Although the AML applies to the movement of funds out of the U.S., no offense appears to have been committed here because the funds were neither derived from, nor transferred with the intent to promote the carrying on of, specified unlawful activity.  As discussed above, Canadian law allows for a domestic cannabis industry, and U.S. laws to the contrary should not apply in Canada.  Accordingly, barring an unlikely (and textually unsupported) finding that Congress intended to outlaw the manufacture, distribution, and dispensing of cannabis that occurs wholly outside of the U.S., there would be no “specified unlawful activity” to promote and, therefore, the transaction should not violate the AML.

The above analysis is subject to a significant caveat.  The risk of criminal liability arising from this transaction would increase significantly if the Canadian business receiving the investment intended, knew, or reasonably believed that it was manufacturing or distributing cannabis bound for the U.S.  Federal law expressly criminalizes such conduct wherever it occurs. 

  1. Cannabis-Derived U.S. Money Invested in Canadian Cannabis Business

Now, let’s look at a slightly modified version of the first scenario.  We will again assume that a U.S. person or entity wants to transfer money to a Canadian business engaged in the domestic cannabis industry.  However, unlike the first scenario, this one involves funds derived from the U.S. cannabis industry (perhaps because the transacting party in the U.S. is a Californian cannabis manufacturer).  Can this transaction proceed without running afoul of the AML?  The short answer is that this transaction very likely violates the AML. 

The AML is triggered because the transaction involves the transfer of funds out of the U.S.  The criminality of the conduct occurring in Canada has not changed between this scenario and the previous one; the activity to be promoted in Canada should not qualify as specified unlawful activity.  However, the origin of the investment funds changes the analysis.

Federal law generally criminalizes the American cannabis industry.  Thus, it is fair to assume that the investment funds in this scenario are derived from unlawful activity.  In turn, the AML prohibits transactions involving the proceeds of unlawful activity where (1) the intent of the transaction is to strip the funds of the indicia of illegality (i.e., to launder them) or (2) irrespective of intent, the value of the transaction exceeds $10,000 and it involves a financial institution.  While this hypothetical scenario may not provide sufficient information to conclude that either of the preceding offenses have been committed, it is not difficult to imagine a set of facts that would satisfy their elements.  For example, if the transaction involves a bank wire worth more than $10,000, an AML violation will very likely be found.

  1. Canadian Money Invested in U.S. Cannabis Business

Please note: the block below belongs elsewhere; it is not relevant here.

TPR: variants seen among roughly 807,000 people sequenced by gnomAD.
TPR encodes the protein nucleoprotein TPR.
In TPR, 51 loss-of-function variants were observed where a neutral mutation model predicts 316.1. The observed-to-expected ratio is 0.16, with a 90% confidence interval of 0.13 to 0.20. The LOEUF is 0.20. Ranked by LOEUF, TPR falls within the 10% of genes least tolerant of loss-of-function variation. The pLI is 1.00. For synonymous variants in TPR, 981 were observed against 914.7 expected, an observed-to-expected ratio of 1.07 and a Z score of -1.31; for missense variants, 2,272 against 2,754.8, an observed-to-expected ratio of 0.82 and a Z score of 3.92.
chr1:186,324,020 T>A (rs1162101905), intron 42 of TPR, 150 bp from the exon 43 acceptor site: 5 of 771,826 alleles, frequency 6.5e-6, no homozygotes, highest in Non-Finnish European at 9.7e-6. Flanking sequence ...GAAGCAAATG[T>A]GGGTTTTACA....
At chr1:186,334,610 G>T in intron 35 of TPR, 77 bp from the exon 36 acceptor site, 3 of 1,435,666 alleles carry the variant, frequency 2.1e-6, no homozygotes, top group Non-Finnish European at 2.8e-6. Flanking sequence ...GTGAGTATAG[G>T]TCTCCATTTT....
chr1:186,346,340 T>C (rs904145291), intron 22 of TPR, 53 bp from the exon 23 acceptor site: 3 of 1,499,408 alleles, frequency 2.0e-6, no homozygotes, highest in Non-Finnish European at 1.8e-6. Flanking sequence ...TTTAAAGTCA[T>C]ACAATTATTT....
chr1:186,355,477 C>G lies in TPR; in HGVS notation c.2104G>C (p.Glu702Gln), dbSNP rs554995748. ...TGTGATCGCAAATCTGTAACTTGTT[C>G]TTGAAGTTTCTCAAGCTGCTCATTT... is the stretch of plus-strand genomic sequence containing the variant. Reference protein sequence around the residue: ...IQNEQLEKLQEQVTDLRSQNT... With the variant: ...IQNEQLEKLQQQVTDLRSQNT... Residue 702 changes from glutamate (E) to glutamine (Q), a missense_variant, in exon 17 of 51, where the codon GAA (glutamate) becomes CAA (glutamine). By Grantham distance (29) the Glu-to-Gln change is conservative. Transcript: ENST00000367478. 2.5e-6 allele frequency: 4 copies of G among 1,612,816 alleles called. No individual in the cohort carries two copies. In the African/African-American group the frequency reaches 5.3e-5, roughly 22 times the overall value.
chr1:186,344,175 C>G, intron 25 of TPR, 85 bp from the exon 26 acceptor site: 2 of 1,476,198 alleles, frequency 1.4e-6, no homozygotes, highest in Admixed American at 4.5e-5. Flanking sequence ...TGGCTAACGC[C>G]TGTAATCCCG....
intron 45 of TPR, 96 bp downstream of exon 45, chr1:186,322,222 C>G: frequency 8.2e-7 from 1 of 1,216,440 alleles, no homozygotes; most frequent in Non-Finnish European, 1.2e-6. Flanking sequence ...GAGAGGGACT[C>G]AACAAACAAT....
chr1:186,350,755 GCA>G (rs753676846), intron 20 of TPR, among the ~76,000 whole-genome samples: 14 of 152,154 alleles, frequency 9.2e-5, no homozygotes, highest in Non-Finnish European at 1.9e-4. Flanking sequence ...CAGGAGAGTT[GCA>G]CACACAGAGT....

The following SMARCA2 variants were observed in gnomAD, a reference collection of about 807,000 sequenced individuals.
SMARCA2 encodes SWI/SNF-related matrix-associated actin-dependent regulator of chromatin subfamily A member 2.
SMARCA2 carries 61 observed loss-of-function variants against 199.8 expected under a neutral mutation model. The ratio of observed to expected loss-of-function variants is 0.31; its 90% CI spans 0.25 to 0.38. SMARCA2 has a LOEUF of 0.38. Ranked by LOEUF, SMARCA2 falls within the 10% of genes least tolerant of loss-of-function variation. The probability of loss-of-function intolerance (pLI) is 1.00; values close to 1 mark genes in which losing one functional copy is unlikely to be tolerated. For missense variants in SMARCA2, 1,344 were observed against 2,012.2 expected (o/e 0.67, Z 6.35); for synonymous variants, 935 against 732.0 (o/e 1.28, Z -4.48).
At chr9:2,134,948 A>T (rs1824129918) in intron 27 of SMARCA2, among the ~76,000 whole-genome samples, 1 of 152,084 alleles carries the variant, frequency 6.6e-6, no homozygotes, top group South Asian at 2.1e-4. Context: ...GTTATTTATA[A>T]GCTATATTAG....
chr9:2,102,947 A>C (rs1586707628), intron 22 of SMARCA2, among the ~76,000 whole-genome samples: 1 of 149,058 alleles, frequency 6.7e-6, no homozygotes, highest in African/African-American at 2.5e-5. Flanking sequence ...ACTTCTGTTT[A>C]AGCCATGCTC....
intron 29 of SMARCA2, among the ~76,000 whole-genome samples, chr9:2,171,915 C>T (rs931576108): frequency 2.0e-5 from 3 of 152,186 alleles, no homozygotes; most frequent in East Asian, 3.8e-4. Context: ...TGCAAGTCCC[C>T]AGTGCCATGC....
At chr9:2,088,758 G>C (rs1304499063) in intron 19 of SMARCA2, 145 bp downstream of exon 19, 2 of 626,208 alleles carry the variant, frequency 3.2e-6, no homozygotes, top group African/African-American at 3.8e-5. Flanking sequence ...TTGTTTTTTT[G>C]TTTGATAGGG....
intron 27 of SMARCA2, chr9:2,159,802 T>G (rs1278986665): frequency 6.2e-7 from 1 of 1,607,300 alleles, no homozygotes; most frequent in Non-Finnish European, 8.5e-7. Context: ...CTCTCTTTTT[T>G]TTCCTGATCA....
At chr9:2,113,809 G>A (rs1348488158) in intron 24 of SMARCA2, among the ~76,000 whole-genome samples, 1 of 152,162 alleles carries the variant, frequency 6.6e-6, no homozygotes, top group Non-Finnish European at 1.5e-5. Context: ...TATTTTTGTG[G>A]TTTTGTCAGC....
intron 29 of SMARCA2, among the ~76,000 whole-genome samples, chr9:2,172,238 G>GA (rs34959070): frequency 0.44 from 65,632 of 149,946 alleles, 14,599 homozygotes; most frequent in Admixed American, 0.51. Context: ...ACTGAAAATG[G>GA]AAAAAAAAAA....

What happens if we switch the direction of the funds in the second scenario so a Canadian investor transfers funds to an American business engaged in the domestic cannabis industry (e.g., in California)?  The short answer is that this transaction also appears to violate the AML.

The AML prohibits cross-border transfers of funds into the U.S. intended to promote the carrying on of specified unlawful activity.  Here, the California cannabis dispensary is carrying on a specified unlawful activity to the extent its conduct violates the Controlled Substances Act.  As such, the transaction would almost certainly violate the AML. 

By the way, the result should be the same whether the Canadian investment funds were derived from the domestic cannabis industry or from activity that is lawful on both sides of the border (e.g., dairy farming).  Funds derived in Canada from the Canadian cannabis industry should not qualify as the proceeds of unlawful activity for the reasons discussed above.  Accordingly, for AML purposes, Canadian funds derived from dairy farming should be no “cleaner” than funds derived from cannabis. In this scenario, the origin of the funds does not matter (or, at least, does not offer a defense) since the purpose of the transfer is to promote activity that is unlawful in the U.S.

  1. Canadian Cannabis-Derived Money Invested in U.S. Lawful Business

Lastly, let’s look at a situation where a Canadian person or entity wants to invest funds derived from the Canadian cannabis industry in an American company engaged in a federally legal business.  This transaction should avoid AML liability. 

An AML analysis is necessary since the transaction involves the movement of funds into the U.S.  However, as noted above, so long as the underlying cannabis-related conduct does not directly impact the U.S. (because, for example, it involves cannabis intended to be unlawfully imported into the U.S.), the Canadian investment funds should not qualify as proceeds of unlawful activity for purposes of the AML.  Further, if the incoming funds are clean, and they are not intended to promote the carrying on of a specified unlawful activity, which this scenario assumes to be true, the AML should not be violated.

Obviously, the above scenarios are just thought experiments to illustrate the potential AML ramifications of cross-border transactions.  They are over-simple and they rely (heavily) on the assumption that the transacting parties are in material compliance with all other applicable laws.  And none of the analyses attempt to account for the potential tax and immigration law consequences of the hypothetical transactions. Anyone contemplating an investment in any country’s cannabis industry is strongly encouraged to

[1]           18 U.S.C. § 1956(a)(2)(A), (c)(7); 21 U.S.C. §§ 812, 841(a)(1).

[2]           The companies’ joint press release identifies three conditions precedent to Canopy completing its acquisition of Acreage: (1) change in U.S. law “such that cannabis production and sale becomes federally legal in the [U.S.]; (2) approval of the companies’ respective shareholders; and (3) approval of the Supreme Court of British Columbia.

[3]           21 U.S.C. §§ 812, 841(a)(1).  

[4]           RJR Nabisco, Inc. v. European Cmty.,136 S. Ct. 2090, 2100 (2016) (internal quotations omitted).

[5]           Id

[6]           Id. at 2101.

[7]           18 U.S.C. § 1956(a)(2)(A).

[8]           18 U.S.C. § 1956(c)(7).

[9]           18 U.S.C. § 1956(a)(2)(B), § 1957(a).